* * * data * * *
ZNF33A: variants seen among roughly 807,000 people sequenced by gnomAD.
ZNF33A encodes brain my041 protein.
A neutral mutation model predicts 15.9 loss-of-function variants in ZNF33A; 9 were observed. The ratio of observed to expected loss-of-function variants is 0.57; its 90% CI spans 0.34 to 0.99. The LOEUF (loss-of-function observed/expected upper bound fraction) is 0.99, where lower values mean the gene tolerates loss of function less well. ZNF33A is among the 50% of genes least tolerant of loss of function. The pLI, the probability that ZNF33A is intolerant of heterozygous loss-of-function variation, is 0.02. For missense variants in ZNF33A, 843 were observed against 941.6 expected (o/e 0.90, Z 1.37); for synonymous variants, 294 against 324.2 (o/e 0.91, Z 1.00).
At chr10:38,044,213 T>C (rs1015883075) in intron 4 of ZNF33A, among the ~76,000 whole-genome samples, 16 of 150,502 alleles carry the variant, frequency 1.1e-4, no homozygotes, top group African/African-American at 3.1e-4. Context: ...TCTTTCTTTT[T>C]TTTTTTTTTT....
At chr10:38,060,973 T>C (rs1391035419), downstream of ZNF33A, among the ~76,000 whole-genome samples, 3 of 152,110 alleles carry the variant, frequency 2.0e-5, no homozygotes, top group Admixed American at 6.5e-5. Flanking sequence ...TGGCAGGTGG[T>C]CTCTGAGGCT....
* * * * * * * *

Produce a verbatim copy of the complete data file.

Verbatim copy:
ZNF33A: variants seen among roughly 807,000 people sequenced by gnomAD.
ZNF33A encodes brain my041 protein.
A neutral mutation model predicts 15.9 loss-of-function variants in ZNF33A; 9 were observed. The ratio of observed to expected loss-of-function variants is 0.57; its 90% CI spans 0.34 to 0.99. The LOEUF (loss-of-function observed/expected upper bound fraction) is 0.99, where lower values mean the gene tolerates loss of function less well. ZNF33A is among the 50% of genes least tolerant of loss of function. The pLI, the probability that ZNF33A is intolerant of heterozygous loss-of-function variation, is 0.02. For missense variants in ZNF33A, 843 were observed against 941.6 expected (o/e 0.90, Z 1.37); for synonymous variants, 294 against 324.2 (o/e 0.91, Z 1.00).
At chr10:38,044,213 T>C (rs1015883075) in intron 4 of ZNF33A, among the ~76,000 whole-genome samples, 16 of 150,502 alleles carry the variant, frequency 1.1e-4, no homozygotes, top group African/African-American at 3.1e-4. Context: ...TCTTTCTTTT[T>C]TTTTTTTTTT....
At chr10:38,060,973 T>C (rs1391035419), downstream of ZNF33A, among the ~76,000 whole-genome samples, 3 of 152,110 alleles carry the variant, frequency 2.0e-5, no homozygotes, top group Admixed American at 6.5e-5. Flanking sequence ...TGGCAGGTGG[T>C]CTCTGAGGCT....